• Limit exposure. UV rays are most intense between 10 a.m. and 4 p.m.

Dealing with the Cold
According to the Occupational Safety and Health Administration (OSHA), cold stress occurs by driving down the skin temperature and eventually, the internal body temperature. As the body is unable to warm itself, serious illness and injuries, or in extreme cases even death, could result. Types of cold stress can lead to hypothermia.

The temperature threshold for cold stress and its associated effects are different across the country. For regions that are not used to winter weather, temperatures close to freezing are considered risk factors for cold stress. In other areas, risk factors for cold stress can be:
• Wetness/dampness, improper dress, and exhaustion.
• Predisposing health conditions such as hypertension hypothyroidism,
and diabetes.
• Poor physical conditioning.

The reason I include the section on cold stress in my safety plan is due to the wet conditions we work in. Many new employees are not aware of the seriousness of this situation. By educating new employees on this topic during their training process, many problems can be avoided in the future.

ADDITIONAL ITEMS TO CONSIDER

Compliance

Tie compliance with the safety plan to individual performance evaluations. If it involves getting paid more, you can bet they will adapt to the program.

Bonus

Create a bonus structure, which involves all employees. Complete surprise inspections and reward accordingly.

Budget

Budget for safety supplies and employee training. These are additional checks and balances you as an owner have at your fingertips. Not only do you see that your employees are purchasing safety equipment, it is a fresh reminder for youeach time you review your budget that you have a safety plan in place.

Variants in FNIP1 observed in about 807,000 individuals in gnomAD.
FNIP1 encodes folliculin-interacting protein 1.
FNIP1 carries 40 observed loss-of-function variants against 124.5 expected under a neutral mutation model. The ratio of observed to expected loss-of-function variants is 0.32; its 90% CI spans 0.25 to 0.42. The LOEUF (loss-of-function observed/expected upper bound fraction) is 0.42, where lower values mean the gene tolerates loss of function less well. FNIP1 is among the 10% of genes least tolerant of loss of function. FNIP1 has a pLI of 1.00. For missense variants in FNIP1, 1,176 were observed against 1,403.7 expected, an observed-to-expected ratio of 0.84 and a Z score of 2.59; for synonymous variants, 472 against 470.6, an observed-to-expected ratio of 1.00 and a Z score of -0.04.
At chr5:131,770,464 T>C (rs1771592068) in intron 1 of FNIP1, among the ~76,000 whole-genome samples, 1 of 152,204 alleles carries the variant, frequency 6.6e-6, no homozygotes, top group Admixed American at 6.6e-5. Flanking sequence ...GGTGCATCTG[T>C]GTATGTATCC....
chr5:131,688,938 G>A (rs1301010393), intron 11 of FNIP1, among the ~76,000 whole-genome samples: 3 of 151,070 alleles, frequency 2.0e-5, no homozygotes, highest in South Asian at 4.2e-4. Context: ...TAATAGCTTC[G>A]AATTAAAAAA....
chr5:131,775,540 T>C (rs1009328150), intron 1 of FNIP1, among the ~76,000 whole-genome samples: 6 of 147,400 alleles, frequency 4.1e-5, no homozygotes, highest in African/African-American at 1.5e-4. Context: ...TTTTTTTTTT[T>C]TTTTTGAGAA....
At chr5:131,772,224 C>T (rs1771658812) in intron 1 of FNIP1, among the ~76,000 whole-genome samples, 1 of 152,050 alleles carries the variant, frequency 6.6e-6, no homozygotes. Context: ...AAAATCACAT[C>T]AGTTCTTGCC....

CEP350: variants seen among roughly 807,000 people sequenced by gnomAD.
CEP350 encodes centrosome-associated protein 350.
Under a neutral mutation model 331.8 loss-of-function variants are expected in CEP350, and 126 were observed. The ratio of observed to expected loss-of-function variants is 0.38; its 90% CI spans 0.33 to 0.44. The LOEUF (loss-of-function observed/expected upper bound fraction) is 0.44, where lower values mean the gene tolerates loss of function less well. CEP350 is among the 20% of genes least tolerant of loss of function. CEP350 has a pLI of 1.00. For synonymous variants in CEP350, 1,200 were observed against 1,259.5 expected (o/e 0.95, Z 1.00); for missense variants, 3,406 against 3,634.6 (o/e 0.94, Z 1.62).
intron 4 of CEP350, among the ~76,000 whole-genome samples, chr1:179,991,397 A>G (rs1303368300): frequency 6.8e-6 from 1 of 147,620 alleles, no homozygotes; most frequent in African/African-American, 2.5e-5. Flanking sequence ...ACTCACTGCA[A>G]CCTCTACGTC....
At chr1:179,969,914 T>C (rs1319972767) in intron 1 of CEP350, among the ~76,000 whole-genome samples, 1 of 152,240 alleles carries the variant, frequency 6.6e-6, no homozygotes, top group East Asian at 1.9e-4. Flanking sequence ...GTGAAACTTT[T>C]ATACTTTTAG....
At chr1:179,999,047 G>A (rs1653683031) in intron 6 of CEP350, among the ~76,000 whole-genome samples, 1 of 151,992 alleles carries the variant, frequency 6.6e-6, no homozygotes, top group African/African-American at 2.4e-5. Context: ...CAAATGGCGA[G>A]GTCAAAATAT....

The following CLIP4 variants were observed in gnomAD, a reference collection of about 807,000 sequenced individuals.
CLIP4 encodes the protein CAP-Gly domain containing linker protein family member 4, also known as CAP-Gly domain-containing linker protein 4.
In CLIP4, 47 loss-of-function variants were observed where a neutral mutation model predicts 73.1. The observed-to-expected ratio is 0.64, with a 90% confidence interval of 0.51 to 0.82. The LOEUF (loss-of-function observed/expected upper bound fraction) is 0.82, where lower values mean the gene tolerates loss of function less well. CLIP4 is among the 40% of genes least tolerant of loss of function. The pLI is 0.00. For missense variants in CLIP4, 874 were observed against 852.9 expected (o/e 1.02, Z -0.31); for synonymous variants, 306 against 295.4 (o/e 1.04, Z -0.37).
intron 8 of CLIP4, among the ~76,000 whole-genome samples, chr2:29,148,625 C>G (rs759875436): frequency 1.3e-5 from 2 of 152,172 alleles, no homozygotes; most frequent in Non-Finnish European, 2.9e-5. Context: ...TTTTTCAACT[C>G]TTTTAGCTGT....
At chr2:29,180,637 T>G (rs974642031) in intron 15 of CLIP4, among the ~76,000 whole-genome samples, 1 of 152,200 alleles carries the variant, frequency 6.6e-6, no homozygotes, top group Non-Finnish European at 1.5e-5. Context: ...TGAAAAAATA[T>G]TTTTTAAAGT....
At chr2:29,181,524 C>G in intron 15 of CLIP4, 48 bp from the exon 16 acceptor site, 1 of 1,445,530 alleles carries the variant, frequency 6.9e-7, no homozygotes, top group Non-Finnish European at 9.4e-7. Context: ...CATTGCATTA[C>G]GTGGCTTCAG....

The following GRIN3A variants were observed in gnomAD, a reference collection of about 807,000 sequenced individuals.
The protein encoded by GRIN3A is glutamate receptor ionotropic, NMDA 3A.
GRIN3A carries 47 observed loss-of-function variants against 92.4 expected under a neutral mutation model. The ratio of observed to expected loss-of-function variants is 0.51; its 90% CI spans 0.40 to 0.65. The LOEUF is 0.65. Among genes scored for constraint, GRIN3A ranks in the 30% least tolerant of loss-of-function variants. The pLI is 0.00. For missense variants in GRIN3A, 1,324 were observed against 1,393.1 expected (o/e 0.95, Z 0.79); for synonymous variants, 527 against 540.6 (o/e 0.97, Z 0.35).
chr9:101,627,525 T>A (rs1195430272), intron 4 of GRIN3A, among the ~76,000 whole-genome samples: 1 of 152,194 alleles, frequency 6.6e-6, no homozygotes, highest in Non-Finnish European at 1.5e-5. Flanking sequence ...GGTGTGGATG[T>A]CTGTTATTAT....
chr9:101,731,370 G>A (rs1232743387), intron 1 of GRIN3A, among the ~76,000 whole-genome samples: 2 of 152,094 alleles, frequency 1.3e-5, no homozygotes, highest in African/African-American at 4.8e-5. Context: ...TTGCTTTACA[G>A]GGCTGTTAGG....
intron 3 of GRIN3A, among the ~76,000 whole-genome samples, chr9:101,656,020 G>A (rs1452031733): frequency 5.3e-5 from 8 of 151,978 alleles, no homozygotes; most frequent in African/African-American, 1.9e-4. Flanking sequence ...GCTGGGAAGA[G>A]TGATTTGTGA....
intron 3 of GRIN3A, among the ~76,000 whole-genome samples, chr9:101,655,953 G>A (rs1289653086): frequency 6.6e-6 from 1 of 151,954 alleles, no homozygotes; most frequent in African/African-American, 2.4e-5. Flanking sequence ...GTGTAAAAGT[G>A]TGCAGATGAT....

Evaluate

Evaluate your safety plan each year. Determine the strengths and weaknesses within your safety processes. Look for ways to improve them and ultimately reduce accidents and injuries. Implement new and modify existing processes as needed.

BEGIN WITH THE BASICS

The main purpose of a safety plan is to prevent workplace injuries, illnesses, and death. It is also to protect from the suffering and financial hardship these events can cause for workers, their families, and you as the owner. The recommended practices use a proactive approach to managing the safety and health of your employees.

Traditional approaches are often reactive. They only deal with problems after a worker is injured or becomes sick, or an outside inspection finds a problem that must be fixed.

These recommended practices recognize that finding and fixing hazards before they cause injury or illness is a far more effective approach.

The idea is to begin with a basic program with simple goals and grow from there. If you focus on achieving goals, monitoring performance, and evaluating outcomes, your safety plan can progress along the path to higher levels of safety and overall health for your employees.

Do not let a workplace tragedy alter the future of your car wash or your employees’ futures. Work on and implement a safety plan for your company. Stick to it. Live by it. Make it become a part of your company culture. You will sleep better at night knowing you are keeping your crew safe.

Wash On!

 

Bobby Willis has been in the car wash business for over 20 years. He owns and operates Cool Wave Car Washes in Virginia. He can be reached at bwillis@coolwavecarwash.com